Whiskey is not for the faint-hearted, but Bushmills’ Black Bush is a whiskey for everyone. It is not like vodka, which is tasteless in comparison, and which you can mix with just about anything for a low-calorie boozy treat. Bushmills is not the kind of brand you would be downing in the pub on Friday night.
But Bushmills’ Black Bush can be drunk with soda or ginger ale in an easy highball. Even neat, or with a little ice that “opens up the flavours”. It will not burn the mouth and the flavours are interesting without being too heavy.
Timeline for Food and drink
- November 8, 2018
- November 1, 2018
Bushmills: A Northern Ireland solution
Bushmills’ Black Bush whiskey is a combined malt and distilled Irish whiskey. The malt is matured in sherry casks and the distilled is a triple distilled sweet batch-distilled grain whiskey.
It is genuine Irish whiskey from Bushmills in Northern Ireland. With all the Brexit back-and-forths over the Irish backstop, Brexiteers and remainers, and even friends in Europe might benefit from a few sips of this easy-going spirit.
Bushmills say the triple distill, which the Irish favour, over the double distillations in Scotland, give the whiskey “an incredibly unique smoothness”. (The Scots might say they get it right the second time.)
Black Bush: Tasting notes
A big and full fruitcake aroma, with sherry sweetness developing into raisin and Christmas cake notes.
Soft and silky with a nutty character.
A lingering finish, with an even balance between the power from sherry seasoned casks and the smoothness of the spirit.
Mixology and cocktails
Mixologists from Bar Swift on Old Compton Street, London have come up with two new cocktails to bring out the “rich, fruity notes and deep intense character” of Black Bush. They have a spin on an Old Fashioned with nutmeg and maple syrup, and they have a tall drink with a conifer garnish and flavours.
Bushmills’ Black Fashioned:
2 parts Bushmills Black Bush
Twist of orange
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In a rocks glass, pour two parts Bushmills Black Bush over ice.
Garnish with a twist of orange.
Bushmills’ single malts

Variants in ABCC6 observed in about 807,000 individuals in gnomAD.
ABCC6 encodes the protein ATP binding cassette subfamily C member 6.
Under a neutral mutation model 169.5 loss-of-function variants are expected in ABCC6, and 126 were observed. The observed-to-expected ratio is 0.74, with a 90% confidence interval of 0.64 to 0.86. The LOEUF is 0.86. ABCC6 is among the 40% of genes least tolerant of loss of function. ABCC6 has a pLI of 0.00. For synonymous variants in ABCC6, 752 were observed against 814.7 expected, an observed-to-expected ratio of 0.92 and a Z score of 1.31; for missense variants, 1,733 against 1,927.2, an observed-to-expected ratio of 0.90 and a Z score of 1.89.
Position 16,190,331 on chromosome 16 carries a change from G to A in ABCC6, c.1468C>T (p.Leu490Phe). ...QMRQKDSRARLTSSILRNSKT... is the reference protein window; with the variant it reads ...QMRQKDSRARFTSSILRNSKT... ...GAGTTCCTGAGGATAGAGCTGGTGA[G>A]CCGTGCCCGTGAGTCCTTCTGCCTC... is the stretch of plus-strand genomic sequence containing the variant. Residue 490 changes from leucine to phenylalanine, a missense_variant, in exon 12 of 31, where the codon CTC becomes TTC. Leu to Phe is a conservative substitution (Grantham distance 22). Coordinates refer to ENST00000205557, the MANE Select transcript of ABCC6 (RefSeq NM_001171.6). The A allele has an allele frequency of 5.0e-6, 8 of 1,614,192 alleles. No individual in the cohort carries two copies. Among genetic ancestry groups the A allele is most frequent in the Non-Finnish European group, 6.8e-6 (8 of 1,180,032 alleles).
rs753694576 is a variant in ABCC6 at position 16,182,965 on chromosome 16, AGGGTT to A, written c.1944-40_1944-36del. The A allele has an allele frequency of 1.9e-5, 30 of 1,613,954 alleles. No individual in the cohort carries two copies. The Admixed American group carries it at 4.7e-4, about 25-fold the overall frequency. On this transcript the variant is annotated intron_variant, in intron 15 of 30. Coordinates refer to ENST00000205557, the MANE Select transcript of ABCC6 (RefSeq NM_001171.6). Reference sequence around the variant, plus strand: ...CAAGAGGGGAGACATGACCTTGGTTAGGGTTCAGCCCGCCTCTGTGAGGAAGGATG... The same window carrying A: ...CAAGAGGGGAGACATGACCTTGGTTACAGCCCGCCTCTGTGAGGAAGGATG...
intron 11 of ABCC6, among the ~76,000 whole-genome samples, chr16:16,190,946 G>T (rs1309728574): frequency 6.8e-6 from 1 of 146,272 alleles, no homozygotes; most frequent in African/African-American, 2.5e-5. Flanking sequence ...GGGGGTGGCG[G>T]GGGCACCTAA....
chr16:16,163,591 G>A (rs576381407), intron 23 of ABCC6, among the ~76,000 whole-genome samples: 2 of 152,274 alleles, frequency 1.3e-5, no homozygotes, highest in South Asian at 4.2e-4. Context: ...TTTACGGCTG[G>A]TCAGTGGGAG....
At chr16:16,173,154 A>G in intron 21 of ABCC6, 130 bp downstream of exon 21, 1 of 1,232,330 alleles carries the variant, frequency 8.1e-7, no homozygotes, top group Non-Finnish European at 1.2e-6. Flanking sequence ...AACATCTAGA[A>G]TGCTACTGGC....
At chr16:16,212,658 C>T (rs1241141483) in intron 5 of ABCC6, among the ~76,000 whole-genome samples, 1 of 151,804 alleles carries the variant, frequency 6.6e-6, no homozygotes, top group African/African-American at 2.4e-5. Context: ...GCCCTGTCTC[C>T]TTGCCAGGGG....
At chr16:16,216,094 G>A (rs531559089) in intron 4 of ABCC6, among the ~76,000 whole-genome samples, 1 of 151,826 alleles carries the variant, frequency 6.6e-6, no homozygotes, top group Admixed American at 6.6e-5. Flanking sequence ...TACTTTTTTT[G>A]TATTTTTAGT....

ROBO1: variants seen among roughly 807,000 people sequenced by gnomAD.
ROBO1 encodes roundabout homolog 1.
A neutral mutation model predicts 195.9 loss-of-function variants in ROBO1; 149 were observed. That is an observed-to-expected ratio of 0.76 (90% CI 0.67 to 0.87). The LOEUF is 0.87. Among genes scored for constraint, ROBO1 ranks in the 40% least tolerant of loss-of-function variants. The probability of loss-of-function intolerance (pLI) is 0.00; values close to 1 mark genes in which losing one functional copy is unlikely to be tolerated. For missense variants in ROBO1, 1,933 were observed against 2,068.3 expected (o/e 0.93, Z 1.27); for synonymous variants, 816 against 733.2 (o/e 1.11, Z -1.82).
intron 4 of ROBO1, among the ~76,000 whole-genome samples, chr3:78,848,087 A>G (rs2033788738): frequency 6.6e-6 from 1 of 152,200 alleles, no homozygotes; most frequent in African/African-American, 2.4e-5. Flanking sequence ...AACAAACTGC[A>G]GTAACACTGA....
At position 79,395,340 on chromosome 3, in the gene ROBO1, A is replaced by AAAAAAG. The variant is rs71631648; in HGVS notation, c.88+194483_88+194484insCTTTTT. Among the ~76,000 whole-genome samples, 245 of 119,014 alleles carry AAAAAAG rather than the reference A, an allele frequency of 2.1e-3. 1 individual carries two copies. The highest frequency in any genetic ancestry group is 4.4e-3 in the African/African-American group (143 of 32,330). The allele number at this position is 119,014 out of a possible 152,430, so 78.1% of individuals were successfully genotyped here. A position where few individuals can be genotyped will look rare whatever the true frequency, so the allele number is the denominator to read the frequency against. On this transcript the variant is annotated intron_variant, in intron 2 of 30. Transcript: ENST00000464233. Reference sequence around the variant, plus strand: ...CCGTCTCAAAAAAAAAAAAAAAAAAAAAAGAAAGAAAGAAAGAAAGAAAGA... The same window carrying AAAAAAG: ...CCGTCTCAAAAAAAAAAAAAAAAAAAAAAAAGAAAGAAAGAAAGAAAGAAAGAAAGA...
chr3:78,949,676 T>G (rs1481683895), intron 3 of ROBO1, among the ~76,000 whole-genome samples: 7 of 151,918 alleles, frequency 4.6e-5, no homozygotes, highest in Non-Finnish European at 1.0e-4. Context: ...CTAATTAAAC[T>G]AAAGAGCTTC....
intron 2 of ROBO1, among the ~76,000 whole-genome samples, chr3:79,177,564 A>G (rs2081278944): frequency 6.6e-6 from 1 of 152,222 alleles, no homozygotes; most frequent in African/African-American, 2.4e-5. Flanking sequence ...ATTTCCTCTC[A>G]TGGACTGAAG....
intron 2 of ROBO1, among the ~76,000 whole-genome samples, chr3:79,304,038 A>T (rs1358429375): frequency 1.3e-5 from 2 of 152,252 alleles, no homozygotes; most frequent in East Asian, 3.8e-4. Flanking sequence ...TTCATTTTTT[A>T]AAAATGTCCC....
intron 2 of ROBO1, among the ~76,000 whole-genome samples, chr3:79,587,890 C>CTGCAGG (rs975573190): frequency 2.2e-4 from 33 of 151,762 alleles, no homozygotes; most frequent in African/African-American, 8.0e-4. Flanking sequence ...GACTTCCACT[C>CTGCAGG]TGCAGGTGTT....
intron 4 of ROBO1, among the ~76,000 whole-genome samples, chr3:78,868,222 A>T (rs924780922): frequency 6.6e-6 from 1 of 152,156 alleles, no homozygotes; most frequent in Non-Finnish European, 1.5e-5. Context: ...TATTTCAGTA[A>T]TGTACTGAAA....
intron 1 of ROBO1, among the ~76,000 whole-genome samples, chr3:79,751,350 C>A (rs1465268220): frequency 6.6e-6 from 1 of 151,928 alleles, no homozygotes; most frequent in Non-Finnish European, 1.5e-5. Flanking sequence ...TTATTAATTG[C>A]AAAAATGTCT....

Bushmills Single Malt Whiskey 10 year old is triple distilled from malted barley and matured for at least ten years in bourbon season barrels which give it its “honey, vanilla and milk chocolate aroma”. It can be served neat, over ice or Bushmills recommends, “if you’re feeling a little more adventurous, try it frozen”, which makes it really syrupy and an alternative to dessert wine.
The Single Malt 16-year-old is aged for 16 years in a combination of Oloroso Sherry and Bourbon-seasoned casks, then matured for several months in port wine barrels. Bushmills says, “The unique maturation process gives this single malt its distinct notes of juicy fruits, nuts and spice, as well as a hint of ruby redness.”
The 21-year-old single malt is aged for a minimum of 19 years in former Oloroso Sherry and Bourbon-seasoned casks, then transferred into Madeira casks for a further two years. “It has a huge depth that interweaves dried fruit flavours with spicy, aromatic maltiness and subtle nutty raisin notes,” says Bushmills. This whiskey has a slight after-burn but includes an interesting aftertaste. It is one to drink and savour slowly.
An authentic whiskey
Bushmills is a small village on the North coast of Northern Ireland, two and a half miles from famous tourist spot, the Giants Causeway.
The distillery dates back further than 1608, when it was granted an official license to distil by King James I. They say the distillers there were going well before the official licence but made it to the 17th century before they were caught. Perhaps, King James I enjoyed a tipple or two.
Bushmills’ Black Bush stories
The Bushmills team have been hosting whiskey tasting events with artists, highlighting the craft of distilling. The latest event was held at an artist glassblowing studio and workshop in Bermondsey Street, London. The idea is age-old craft “different hands, same techniques”. Time-honoured processes are used for both whiskey creation, from the coopers nailing the metal hoops around the barrels, to glassblowers with the long pipes and 1,600-degree glass furnaces.
And you can taste the care and dedication in the whiskey, says one whiskey convert.